Moving Clicker Question?

Back-musclesConsistently using a clicker is one of the most difficult things for an archer to master, however once mastered you will love your clicker. Check out my earlier blogs about clickers and learning to shoot with a clicker.

Recently, one of my readers asked:

This is a bit late of a response, but I’ve started my clicker training and one of the things I’m having trouble with is nocking the arrow behind the clicker. I move the clicker with my fingers while nocking my arrow, but every time I do so, I move its position. 

First, there are three types of clickers…

riser-mount-clickerRiser-mounted clickers
The clicker is mounted directly on the risers and is still relatively vertical about 1-2 inches beyond the pluger/ pressure button.

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extended-riser-mountExtended Riser-mounted clickers
The clicker is still mounted to the riser however the click arm is adjusted horizontally beyond the face of the risers (1-3 inches beyond the front edge of the riser).

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sight-mount-clicker

Sight-mounted Clickers
The clicker is mounted to the arm of the sight and is used for archers whose arrows are well beyond the face of the riser (2-10 inches beyond the front edge of the riser at full draw).

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Ideally, the clicker should be positioned as vertical as possible and should extended a couple of mm beyond the bottom of the arrow. If the clicker sits on the top half of the arrow it may apply downward pressure and cause inconsistent arrow flight. So select a clicker that can be mounted as vertical as possible.

Next, I suggest you mark your riser/sight arm so you can ensure the clicker position before every use. Part of your pre-game bow assembly is to verify the clicker is in the correct position and the screws are tight secured. If you are still noticing that your clicker is still constantly moving the screws may not be providing a tight fit. Try replacing the attaching screw or add a locking or plastic washer.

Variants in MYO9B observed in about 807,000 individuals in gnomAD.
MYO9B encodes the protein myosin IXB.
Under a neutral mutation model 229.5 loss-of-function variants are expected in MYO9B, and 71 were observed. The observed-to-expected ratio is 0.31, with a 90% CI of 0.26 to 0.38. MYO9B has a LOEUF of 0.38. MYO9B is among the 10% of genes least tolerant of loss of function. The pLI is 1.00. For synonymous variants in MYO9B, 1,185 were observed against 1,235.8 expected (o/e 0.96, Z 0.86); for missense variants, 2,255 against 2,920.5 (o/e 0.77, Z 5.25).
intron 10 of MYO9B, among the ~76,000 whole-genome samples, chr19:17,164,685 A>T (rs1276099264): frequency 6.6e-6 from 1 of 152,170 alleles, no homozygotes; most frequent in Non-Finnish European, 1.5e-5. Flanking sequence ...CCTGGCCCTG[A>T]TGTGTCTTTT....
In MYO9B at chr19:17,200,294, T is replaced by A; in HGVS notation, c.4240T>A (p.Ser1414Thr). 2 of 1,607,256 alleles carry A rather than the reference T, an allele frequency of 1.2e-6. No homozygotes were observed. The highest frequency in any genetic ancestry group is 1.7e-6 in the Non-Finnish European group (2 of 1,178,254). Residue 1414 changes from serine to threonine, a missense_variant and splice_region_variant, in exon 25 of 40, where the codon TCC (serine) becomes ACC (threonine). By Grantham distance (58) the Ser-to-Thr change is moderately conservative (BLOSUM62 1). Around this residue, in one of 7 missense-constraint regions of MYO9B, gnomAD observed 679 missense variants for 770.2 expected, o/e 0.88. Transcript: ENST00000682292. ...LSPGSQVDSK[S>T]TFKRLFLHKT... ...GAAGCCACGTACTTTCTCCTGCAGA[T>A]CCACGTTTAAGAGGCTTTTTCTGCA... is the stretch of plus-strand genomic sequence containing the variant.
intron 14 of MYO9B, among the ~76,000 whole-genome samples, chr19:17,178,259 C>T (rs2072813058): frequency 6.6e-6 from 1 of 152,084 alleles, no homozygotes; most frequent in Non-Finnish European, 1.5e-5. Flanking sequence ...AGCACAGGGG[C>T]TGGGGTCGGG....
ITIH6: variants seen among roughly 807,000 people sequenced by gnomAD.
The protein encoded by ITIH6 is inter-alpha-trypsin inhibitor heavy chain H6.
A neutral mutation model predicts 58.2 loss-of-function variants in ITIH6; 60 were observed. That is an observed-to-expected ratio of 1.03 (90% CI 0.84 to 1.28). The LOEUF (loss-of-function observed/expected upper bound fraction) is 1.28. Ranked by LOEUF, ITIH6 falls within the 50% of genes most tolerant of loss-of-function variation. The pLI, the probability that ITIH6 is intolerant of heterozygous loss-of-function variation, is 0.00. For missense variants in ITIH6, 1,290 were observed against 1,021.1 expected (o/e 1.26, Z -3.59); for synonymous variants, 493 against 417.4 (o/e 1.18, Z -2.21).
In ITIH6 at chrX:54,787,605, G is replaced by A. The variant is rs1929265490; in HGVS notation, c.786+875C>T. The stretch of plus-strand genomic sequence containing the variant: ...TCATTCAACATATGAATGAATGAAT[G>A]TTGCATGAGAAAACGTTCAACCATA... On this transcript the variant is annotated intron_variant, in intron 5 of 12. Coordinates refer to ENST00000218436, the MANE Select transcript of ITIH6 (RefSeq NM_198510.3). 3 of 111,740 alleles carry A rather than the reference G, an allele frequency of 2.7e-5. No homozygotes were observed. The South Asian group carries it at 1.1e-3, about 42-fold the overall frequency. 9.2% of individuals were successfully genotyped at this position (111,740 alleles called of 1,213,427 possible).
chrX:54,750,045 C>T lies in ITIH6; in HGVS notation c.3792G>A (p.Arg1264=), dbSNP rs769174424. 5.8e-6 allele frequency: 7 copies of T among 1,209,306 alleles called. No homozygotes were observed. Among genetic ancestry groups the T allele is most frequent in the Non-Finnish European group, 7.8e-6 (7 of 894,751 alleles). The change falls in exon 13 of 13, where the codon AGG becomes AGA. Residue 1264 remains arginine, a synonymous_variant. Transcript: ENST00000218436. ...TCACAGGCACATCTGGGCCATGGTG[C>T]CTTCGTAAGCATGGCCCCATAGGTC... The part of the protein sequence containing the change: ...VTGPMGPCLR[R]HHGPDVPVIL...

I hope I have been able to answer your question and I would love to hear more from you.

Do you have any questions?
Are there any topics you would like me to cover?

Although, I will continue to write articles about my experiences, I want to hear from you. Everyone has questions, I would love to hear yours and I love answering them. I also encourage you to leave comments or share additional information on any article on my site.

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Arrows Series – Part 6: Fletching and Indexing

Now that you have cut your arrows you need to fletch them. Fletchings are found at the back of the arrow, traditionally made from bird feathers and are used to stabilize the arrow by creating a small amount of drag.

Wikipedia: Fletching (also known as a flight) is the aerodynamic stabilization of arrows or darts with materials such as feathers, each piece of which is referred to as a fletch. The word is related to the French word “fleche”, meaning “arrow,” via Old French; the ultimate root is Frankish fliukka. A fletcher is a maker of arrows.

Nowadays, there are two types of fletchings, real or synthetic feathers and plastic vanes. Some target archers have them attached to the arrow with a slight twist to increase arrow spin because a spinning projectile is more stable and helps reduce the effects of Archer’s Paradox (We will discuss Archer’s Paradox in more detail in the Part 7 of the series).

The most conventional style of indexing is a three-feather fletching where feathers or vanes are mounted to the arrow, evenly distributed around the spine of the arrow. One feather, called the “cock”, is set at a right angle to the string and pointed at the archer and the other two fletchings on the riser side are angled up and down away from the bow. This is done so the fletchings/vanes will not contact the bow when the arrow is shot. For compound archers the cock feather’s indexing depends on the type of arrow rest.